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Same Time, Same Channel, New Name

January 27, 2017

Here are five TV shows that for various reasons had to change their titles in the middle of their runs. Sometimes it attracted more viewers…and sometimes it lost them.
TV Shows That Changed Their Title


Currently in its 14th season, NCIS is the second-longest running drama currently on TV. It began life back in 2003 as a spinoff of the military law drama JAG under the descriptive title Navy NCIS. Maybe a little too descriptive: the “N” in “NCIS” stands for “Navy.” The title was shorted after one season.


In the fall of 1995, Fox debuted a comedy about two New York slackers called Too Something. It endured lots of criticism for its nonsensical title, and the show went on hiatus in early 1996 in part to find a new title. Producers of the show ran a contest where viewers could suggest a name. The winning entry, sent in by a fan named Jeri Dobson: New York Daze. (The show only lasted a month with the new title.)


Seinfeld is one of the most popular TV shows ever, but it started off with a different name. When its pilot episode aired in 1989, Seinfeld was called The Seinfeld Chronicles. When it returned to the air in 1990, the title was shortened to avoid confusion with the now-forgotten short-lived ABC sitcom The Marshall Chronicles.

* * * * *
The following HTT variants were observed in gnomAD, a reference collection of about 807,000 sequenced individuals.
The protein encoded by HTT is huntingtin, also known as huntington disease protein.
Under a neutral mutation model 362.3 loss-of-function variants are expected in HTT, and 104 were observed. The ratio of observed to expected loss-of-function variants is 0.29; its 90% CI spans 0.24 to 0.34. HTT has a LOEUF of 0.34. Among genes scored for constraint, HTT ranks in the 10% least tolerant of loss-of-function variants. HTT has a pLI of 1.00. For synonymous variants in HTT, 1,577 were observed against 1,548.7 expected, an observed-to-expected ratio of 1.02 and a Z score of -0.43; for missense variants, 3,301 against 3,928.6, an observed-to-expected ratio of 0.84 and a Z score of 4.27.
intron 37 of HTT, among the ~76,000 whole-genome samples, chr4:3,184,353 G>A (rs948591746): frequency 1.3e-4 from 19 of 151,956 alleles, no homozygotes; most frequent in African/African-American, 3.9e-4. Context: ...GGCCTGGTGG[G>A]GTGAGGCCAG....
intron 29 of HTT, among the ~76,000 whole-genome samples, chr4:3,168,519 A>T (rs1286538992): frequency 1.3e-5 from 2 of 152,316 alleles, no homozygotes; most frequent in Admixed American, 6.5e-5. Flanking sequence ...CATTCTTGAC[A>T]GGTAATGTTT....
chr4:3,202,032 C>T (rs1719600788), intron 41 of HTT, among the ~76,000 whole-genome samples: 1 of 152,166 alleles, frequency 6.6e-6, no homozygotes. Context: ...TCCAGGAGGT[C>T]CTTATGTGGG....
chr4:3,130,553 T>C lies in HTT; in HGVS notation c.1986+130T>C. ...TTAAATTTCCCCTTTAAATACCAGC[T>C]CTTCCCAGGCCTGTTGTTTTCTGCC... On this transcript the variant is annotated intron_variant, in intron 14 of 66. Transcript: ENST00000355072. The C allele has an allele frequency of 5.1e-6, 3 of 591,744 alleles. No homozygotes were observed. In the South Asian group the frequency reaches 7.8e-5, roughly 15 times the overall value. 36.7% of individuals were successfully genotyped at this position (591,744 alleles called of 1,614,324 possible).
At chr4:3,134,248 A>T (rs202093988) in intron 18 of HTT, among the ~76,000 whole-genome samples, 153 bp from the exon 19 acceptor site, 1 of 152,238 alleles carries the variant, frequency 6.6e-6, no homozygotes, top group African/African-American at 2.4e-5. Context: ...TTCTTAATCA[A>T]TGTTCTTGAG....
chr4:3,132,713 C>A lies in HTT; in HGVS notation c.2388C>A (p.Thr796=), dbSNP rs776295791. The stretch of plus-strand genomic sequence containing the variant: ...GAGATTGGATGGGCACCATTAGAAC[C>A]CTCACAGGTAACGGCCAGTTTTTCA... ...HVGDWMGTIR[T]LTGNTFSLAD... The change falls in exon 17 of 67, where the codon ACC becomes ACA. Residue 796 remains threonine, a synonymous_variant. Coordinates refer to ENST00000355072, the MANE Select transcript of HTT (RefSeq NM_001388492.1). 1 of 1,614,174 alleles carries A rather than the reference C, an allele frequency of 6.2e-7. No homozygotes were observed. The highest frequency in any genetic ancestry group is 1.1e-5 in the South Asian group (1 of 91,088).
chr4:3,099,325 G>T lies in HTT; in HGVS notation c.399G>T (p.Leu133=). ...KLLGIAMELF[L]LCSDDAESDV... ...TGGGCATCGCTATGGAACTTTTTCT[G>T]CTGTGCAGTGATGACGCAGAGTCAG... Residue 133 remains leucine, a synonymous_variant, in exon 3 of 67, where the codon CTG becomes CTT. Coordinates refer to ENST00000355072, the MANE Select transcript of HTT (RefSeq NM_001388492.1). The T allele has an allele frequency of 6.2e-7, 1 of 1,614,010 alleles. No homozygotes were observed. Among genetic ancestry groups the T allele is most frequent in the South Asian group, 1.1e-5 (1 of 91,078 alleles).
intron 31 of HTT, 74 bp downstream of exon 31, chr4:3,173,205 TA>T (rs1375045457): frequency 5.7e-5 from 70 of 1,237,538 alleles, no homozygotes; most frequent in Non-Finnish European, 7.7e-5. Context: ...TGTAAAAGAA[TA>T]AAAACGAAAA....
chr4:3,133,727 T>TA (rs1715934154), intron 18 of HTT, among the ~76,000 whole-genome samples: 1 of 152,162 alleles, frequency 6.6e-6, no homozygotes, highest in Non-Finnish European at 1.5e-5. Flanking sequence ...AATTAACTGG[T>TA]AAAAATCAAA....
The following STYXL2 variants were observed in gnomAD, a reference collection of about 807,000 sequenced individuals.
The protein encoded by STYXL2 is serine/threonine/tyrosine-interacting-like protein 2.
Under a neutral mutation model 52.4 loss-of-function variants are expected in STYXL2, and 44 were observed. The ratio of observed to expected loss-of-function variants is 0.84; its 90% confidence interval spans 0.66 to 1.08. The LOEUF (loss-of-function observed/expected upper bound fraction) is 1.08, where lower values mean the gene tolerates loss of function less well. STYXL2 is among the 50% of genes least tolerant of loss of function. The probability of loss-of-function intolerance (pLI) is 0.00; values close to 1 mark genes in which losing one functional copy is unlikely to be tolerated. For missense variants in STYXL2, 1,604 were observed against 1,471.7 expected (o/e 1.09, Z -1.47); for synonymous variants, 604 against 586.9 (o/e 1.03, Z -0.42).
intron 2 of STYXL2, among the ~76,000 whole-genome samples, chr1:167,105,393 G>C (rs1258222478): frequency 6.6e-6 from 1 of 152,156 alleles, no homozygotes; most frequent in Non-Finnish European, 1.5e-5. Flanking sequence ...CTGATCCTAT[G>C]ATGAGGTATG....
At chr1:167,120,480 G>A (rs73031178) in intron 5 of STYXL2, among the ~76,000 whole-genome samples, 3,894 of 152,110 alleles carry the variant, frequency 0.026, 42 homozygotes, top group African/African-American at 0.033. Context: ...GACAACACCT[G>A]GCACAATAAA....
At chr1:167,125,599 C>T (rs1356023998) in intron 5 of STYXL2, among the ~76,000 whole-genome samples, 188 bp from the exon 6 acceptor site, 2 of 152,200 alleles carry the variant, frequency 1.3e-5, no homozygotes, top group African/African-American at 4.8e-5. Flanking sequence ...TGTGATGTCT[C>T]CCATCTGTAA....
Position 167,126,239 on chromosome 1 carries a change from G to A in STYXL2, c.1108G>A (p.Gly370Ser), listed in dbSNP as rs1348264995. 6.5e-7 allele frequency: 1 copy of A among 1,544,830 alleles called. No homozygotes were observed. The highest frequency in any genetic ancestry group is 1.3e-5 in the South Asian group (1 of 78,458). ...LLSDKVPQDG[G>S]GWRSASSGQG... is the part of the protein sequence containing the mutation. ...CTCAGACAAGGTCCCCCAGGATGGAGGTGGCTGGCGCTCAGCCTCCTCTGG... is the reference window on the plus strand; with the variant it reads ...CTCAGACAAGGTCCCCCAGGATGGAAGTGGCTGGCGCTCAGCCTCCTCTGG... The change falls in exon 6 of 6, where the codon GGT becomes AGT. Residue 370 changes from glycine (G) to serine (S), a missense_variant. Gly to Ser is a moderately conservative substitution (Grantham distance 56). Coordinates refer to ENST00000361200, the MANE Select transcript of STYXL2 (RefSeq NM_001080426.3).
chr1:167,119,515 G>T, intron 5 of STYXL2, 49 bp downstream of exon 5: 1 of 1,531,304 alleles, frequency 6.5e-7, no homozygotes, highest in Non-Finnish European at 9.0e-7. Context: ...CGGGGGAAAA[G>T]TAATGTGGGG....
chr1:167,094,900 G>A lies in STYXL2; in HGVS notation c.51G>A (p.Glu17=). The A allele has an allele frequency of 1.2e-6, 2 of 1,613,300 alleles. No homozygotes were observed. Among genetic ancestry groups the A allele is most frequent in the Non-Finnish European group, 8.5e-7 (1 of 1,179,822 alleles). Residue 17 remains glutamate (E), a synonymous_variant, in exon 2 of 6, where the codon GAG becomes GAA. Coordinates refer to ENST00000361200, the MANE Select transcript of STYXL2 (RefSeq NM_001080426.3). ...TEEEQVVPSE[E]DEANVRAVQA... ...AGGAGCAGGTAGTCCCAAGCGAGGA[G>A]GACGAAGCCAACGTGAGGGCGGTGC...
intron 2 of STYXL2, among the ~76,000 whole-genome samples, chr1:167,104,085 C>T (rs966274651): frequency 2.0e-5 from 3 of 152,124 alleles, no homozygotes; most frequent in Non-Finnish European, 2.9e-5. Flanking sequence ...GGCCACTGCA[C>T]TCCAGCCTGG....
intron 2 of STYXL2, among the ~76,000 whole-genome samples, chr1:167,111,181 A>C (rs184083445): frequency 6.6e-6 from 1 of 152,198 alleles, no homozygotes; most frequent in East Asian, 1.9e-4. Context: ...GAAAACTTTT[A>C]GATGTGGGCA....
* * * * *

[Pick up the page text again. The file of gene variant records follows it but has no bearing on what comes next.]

Airing on the broadcast network Channel 4 in England and delivered via Netflix in the U.S., this romantic comedy is told in flashback as main character Dylan remembers his past girlfriends and romantic encounters…because he has to track them down in the present-day to tell them that he has a sexually transmitted disease. In season one, the show had the salacious title Scrotal Recall. For season two, that was toned down to Lovesick.


Valerie, a vehicle for Mary Tyler Moore Show and Rhoda star Valerie Harper debuted in 1986. It was a standard family sitcom about a woman named Valerie Harper juggling family and work. But then Harper got into a dispute with producers and wanted more money. Producers refused her demands and she threatened to quit…and they called her bluff. She walked, and then killed off her character. That necessitated a title change to reflect the lack of Valerie (both real and fictional) but also not confuse loyal viewers. In 1987, Valerie became Valerie’s Family, and then it was changed again to The Hogan Family.

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